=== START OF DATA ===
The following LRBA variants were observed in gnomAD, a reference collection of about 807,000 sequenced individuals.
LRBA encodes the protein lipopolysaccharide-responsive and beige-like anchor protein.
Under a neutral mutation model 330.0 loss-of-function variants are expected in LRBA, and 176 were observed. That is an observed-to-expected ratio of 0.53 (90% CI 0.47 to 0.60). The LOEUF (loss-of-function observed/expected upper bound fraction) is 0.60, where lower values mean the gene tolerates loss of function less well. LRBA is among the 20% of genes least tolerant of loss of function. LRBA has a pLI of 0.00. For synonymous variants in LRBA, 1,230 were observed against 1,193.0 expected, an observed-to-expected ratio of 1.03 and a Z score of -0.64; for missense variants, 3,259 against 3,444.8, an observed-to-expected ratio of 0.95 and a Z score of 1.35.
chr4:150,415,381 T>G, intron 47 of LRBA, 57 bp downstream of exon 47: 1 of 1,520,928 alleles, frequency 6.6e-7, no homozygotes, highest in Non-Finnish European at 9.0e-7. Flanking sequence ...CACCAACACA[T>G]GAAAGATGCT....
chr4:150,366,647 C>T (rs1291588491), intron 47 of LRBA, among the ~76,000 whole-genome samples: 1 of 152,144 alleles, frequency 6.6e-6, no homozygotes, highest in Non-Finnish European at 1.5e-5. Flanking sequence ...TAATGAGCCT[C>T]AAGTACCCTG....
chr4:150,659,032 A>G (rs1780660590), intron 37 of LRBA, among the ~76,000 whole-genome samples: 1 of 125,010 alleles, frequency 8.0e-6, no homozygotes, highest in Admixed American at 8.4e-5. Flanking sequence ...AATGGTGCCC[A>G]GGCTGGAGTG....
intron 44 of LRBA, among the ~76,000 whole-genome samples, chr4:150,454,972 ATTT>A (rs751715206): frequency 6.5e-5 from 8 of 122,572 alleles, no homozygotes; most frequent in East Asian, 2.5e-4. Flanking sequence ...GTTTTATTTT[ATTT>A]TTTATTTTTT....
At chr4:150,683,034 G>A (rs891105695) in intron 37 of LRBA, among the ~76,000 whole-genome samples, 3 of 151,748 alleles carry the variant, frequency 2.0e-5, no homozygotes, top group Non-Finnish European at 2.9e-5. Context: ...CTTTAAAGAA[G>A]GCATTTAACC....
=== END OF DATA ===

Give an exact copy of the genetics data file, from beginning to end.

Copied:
The following LRBA variants were observed in gnomAD, a reference collection of about 807,000 sequenced individuals.
LRBA encodes the protein lipopolysaccharide-responsive and beige-like anchor protein.
Under a neutral mutation model 330.0 loss-of-function variants are expected in LRBA, and 176 were observed. That is an observed-to-expected ratio of 0.53 (90% CI 0.47 to 0.60). The LOEUF (loss-of-function observed/expected upper bound fraction) is 0.60, where lower values mean the gene tolerates loss of function less well. LRBA is among the 20% of genes least tolerant of loss of function. LRBA has a pLI of 0.00. For synonymous variants in LRBA, 1,230 were observed against 1,193.0 expected, an observed-to-expected ratio of 1.03 and a Z score of -0.64; for missense variants, 3,259 against 3,444.8, an observed-to-expected ratio of 0.95 and a Z score of 1.35.
chr4:150,415,381 T>G, intron 47 of LRBA, 57 bp downstream of exon 47: 1 of 1,520,928 alleles, frequency 6.6e-7, no homozygotes, highest in Non-Finnish European at 9.0e-7. Flanking sequence ...CACCAACACA[T>G]GAAAGATGCT....
chr4:150,366,647 C>T (rs1291588491), intron 47 of LRBA, among the ~76,000 whole-genome samples: 1 of 152,144 alleles, frequency 6.6e-6, no homozygotes, highest in Non-Finnish European at 1.5e-5. Flanking sequence ...TAATGAGCCT[C>T]AAGTACCCTG....
chr4:150,659,032 A>G (rs1780660590), intron 37 of LRBA, among the ~76,000 whole-genome samples: 1 of 125,010 alleles, frequency 8.0e-6, no homozygotes, highest in Admixed American at 8.4e-5. Flanking sequence ...AATGGTGCCC[A>G]GGCTGGAGTG....
intron 44 of LRBA, among the ~76,000 whole-genome samples, chr4:150,454,972 ATTT>A (rs751715206): frequency 6.5e-5 from 8 of 122,572 alleles, no homozygotes; most frequent in East Asian, 2.5e-4. Flanking sequence ...GTTTTATTTT[ATTT>A]TTTATTTTTT....
At chr4:150,683,034 G>A (rs891105695) in intron 37 of LRBA, among the ~76,000 whole-genome samples, 3 of 151,748 alleles carry the variant, frequency 2.0e-5, no homozygotes, top group Non-Finnish European at 2.9e-5. Context: ...CTTTAAAGAA[G>A]GCATTTAACC....